Coherent Identifier About this item: 20.500.12592/dvhsmz

A review of policy options for increasing food security and income security in British Columbia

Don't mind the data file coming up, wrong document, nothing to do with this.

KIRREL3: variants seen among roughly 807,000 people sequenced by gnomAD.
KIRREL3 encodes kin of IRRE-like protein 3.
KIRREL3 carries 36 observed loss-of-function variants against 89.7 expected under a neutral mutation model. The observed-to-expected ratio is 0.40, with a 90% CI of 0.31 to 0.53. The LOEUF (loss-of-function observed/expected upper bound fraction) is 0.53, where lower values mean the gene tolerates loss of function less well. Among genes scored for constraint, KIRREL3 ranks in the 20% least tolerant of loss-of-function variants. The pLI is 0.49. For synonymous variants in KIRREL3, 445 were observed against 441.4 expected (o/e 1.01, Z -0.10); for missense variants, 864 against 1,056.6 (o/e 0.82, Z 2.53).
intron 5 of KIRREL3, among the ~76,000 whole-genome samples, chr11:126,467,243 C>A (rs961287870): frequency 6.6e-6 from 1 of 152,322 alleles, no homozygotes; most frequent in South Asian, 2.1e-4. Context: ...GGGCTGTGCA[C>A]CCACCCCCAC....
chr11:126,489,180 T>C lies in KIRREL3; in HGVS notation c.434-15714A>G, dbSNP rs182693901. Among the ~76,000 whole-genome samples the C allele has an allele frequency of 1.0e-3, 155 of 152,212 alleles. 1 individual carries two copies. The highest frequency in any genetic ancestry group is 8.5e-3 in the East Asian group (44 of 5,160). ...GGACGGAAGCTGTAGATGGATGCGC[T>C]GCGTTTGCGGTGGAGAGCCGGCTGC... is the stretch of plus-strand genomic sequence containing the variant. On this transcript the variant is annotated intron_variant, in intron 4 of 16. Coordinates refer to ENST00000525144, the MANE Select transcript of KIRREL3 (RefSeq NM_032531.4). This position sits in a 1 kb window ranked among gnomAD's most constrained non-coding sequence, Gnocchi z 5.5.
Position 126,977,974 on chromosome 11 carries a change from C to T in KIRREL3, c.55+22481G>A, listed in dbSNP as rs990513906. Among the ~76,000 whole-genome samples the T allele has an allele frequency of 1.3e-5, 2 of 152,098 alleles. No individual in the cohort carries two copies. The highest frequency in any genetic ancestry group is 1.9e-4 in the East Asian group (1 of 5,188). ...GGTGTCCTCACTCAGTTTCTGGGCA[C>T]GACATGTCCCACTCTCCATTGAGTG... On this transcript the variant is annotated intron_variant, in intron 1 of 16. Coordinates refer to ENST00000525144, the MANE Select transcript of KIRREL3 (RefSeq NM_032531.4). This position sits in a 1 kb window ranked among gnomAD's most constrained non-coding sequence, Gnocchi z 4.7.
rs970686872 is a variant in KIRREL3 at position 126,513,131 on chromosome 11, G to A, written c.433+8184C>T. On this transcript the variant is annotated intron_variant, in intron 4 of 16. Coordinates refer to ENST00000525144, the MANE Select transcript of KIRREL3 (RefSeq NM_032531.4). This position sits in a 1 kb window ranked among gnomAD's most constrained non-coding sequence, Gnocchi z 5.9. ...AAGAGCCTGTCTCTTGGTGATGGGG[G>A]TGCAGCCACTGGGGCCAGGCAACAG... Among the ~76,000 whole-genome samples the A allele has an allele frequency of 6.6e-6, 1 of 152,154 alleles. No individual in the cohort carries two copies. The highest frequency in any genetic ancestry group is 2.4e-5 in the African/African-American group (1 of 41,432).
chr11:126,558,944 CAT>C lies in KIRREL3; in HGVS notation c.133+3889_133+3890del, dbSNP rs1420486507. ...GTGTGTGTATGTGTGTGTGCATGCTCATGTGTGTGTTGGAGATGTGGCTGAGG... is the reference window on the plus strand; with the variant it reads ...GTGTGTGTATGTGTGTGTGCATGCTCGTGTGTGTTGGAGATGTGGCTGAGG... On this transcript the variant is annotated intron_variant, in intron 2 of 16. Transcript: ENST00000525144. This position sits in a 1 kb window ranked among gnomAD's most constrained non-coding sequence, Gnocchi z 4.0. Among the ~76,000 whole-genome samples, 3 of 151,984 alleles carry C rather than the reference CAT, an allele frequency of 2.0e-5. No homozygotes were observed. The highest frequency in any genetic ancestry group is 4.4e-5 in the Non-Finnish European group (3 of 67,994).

The incidence of food insecurity in the late 1990s in Canada was approximately 10 percent, based on the results from the 1998/99 survey, and 14.7 percent a few years later, based on the results from the 2000/01 survey. [...] The panel goes on to recommend that hunger be “measured at the individual level, distinct from, but in the context of food insecurity.”19 This issue of terminology needs to be considered in light of changes to the Canadian measure, as Canada now uses a set of questions similar to those in the U. S. survey, and also categorizes households in a similar way. [...] The 2005 version of the Canadian Community Health Survey, released in the fall of 2006, showed 183,026 British Columbians age 12 and older (5.4 percent of the population 12 and older) experienced food insecurity during the previous 12 months.22 A total of 116,104 people, or 3.5 percent of the population 12 and older, were placed in the category “food insecure without hunger,” meaning some members [...] Some of the difference may be explained by the normal margin of error in surveys.23 The results could also have occurred because of a change in the order of the questions on the CCHS questionnaire, a shift in favour of interviews by telephone 22. [...] Table 1 gives the overall numbers and rates of food insecurity for most of the 16 former BC health regions.25 The sample sizes were too small to allow a breakdown of the totals into the three categories in all BC health regions, and the sample sizes were too small to be reliable to produce even overall totals for the Richmond and North Vancouver Island health regions.



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